On the other hand, the production team have faithfully created a Raymond Chandler-esque Hollywood (the episode title is a reference to one of his detective novels) just as well as Season 1 did post-war New York. Once again, this is staggering work on a network TV budget and the period detail remains one of the many sweeteners on a show with lots to like already. Even if the tonal homage doesn’t always work, it’s impeccably executed on the style front.
Meanwhile, Atwell and D’Arcy immediately recall their stellar double act as Peggy and Jarvis, with the latter craving a chance to get back in action after spending much of his time tending to Howard Stark’s taste for exotic birds, not to mention his pet flamingo, Bernard. We also finally get to see Mrs. Jarvis (Lotte Verbeek), who smashes out of her Maris-like unseen status with a brief but memorable turn.
Meanwhile, at Isodyne, Peggy meets a parallel and potential love interest in the form of Dr. Jason Wilkes (Reggie Austin), a brilliant African American physicist who’s presumed to be a janitor by the white guys, just as Peggy was thought of as a secretary, despite working harder than anyone. Characters played by Wynn Everett, Currie Graham and Kurtwood Smith also figure in the episode at various points, all setting out their stalls as the narrative wheels start turning.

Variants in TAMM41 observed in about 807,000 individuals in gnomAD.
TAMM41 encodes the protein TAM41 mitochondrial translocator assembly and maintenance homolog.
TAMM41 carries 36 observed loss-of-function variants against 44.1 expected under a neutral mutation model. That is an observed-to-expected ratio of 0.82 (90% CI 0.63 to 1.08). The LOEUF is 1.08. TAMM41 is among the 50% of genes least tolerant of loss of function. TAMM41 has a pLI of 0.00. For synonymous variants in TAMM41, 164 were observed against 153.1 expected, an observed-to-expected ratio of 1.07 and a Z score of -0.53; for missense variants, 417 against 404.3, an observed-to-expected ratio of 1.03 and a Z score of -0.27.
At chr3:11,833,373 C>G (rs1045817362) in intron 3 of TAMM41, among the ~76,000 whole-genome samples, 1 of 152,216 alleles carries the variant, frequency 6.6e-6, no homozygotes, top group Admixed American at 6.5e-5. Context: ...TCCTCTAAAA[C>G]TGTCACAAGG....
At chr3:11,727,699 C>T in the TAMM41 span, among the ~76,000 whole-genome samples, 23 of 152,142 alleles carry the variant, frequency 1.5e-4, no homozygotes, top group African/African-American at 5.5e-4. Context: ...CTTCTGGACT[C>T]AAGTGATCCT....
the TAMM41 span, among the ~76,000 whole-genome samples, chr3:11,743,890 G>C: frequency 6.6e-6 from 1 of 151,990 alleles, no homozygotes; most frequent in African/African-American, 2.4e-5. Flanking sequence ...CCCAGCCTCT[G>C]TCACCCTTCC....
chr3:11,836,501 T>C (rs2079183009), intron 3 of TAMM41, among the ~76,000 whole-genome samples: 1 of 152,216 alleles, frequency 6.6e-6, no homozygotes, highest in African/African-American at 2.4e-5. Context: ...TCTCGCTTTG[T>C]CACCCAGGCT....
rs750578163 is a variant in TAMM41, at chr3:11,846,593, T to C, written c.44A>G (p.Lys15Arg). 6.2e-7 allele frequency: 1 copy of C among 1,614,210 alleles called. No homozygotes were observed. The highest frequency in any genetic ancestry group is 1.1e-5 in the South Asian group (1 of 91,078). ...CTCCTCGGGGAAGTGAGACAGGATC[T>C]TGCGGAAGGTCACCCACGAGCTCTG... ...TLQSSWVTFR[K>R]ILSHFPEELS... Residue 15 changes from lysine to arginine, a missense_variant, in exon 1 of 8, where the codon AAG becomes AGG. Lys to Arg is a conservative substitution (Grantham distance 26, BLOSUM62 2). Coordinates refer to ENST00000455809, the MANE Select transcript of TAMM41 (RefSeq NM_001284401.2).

The Lady In The Lake is the start of a new story and it’s possible that its flaws might be easier to forgive once that story really gets going. There’s lots of interesting stuff going on with characters that we’ve grown to love, but it sometimes feels more like an episode of Agents Of S.H.I.E.L.D. than Agent Carter. All of that said, this is a welcome return for a show that knows and has more than proven its worth over the course of the previous season and will hopefully continue in the propulsive serialised format it has set out so well.
Agent Carter Season 1 and 2 is available on Sky Box Sets. Don’t have Sky? You can also stream it on NOW, as part of a £7.99 Sky Entertainment Month Pass subscription – with a 7-day free trial. It is also available on Amazon Prime Video, as part of a £5.99 monthly subscription.
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Spoilers and further consideration